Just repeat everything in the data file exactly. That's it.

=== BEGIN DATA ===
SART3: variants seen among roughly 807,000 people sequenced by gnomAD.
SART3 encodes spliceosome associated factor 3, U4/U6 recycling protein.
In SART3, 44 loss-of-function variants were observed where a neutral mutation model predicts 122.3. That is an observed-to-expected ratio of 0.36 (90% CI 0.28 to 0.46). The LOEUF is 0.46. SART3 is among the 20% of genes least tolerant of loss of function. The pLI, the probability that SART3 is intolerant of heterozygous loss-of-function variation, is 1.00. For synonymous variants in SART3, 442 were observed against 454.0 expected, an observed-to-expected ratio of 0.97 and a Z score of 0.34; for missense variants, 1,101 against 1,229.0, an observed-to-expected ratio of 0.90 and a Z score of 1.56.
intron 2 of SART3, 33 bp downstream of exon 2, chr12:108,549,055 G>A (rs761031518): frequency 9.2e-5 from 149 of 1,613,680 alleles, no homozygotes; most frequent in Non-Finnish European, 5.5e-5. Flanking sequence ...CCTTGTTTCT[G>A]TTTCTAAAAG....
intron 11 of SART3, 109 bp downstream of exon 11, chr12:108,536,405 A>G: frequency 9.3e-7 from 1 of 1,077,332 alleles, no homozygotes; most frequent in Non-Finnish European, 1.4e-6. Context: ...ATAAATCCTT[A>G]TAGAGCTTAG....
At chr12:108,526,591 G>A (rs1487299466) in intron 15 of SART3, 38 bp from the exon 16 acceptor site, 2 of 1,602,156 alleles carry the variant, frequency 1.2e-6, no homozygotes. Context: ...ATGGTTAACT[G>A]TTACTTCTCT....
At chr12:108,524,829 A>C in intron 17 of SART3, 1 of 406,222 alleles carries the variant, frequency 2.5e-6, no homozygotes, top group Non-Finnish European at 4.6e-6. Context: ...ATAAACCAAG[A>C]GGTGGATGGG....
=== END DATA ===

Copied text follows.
SART3: variants seen among roughly 807,000 people sequenced by gnomAD.
SART3 encodes spliceosome associated factor 3, U4/U6 recycling protein.
In SART3, 44 loss-of-function variants were observed where a neutral mutation model predicts 122.3. That is an observed-to-expected ratio of 0.36 (90% CI 0.28 to 0.46). The LOEUF is 0.46. SART3 is among the 20% of genes least tolerant of loss of function. The pLI, the probability that SART3 is intolerant of heterozygous loss-of-function variation, is 1.00. For synonymous variants in SART3, 442 were observed against 454.0 expected, an observed-to-expected ratio of 0.97 and a Z score of 0.34; for missense variants, 1,101 against 1,229.0, an observed-to-expected ratio of 0.90 and a Z score of 1.56.
intron 2 of SART3, 33 bp downstream of exon 2, chr12:108,549,055 G>A (rs761031518): frequency 9.2e-5 from 149 of 1,613,680 alleles, no homozygotes; most frequent in Non-Finnish European, 5.5e-5. Flanking sequence ...CCTTGTTTCT[G>A]TTTCTAAAAG....
intron 11 of SART3, 109 bp downstream of exon 11, chr12:108,536,405 A>G: frequency 9.3e-7 from 1 of 1,077,332 alleles, no homozygotes; most frequent in Non-Finnish European, 1.4e-6. Context: ...ATAAATCCTT[A>G]TAGAGCTTAG....
At chr12:108,526,591 G>A (rs1487299466) in intron 15 of SART3, 38 bp from the exon 16 acceptor site, 2 of 1,602,156 alleles carry the variant, frequency 1.2e-6, no homozygotes. Context: ...ATGGTTAACT[G>A]TTACTTCTCT....
At chr12:108,524,829 A>C in intron 17 of SART3, 1 of 406,222 alleles carries the variant, frequency 2.5e-6, no homozygotes, top group Non-Finnish European at 4.6e-6. Context: ...ATAAACCAAG[A>C]GGTGGATGGG....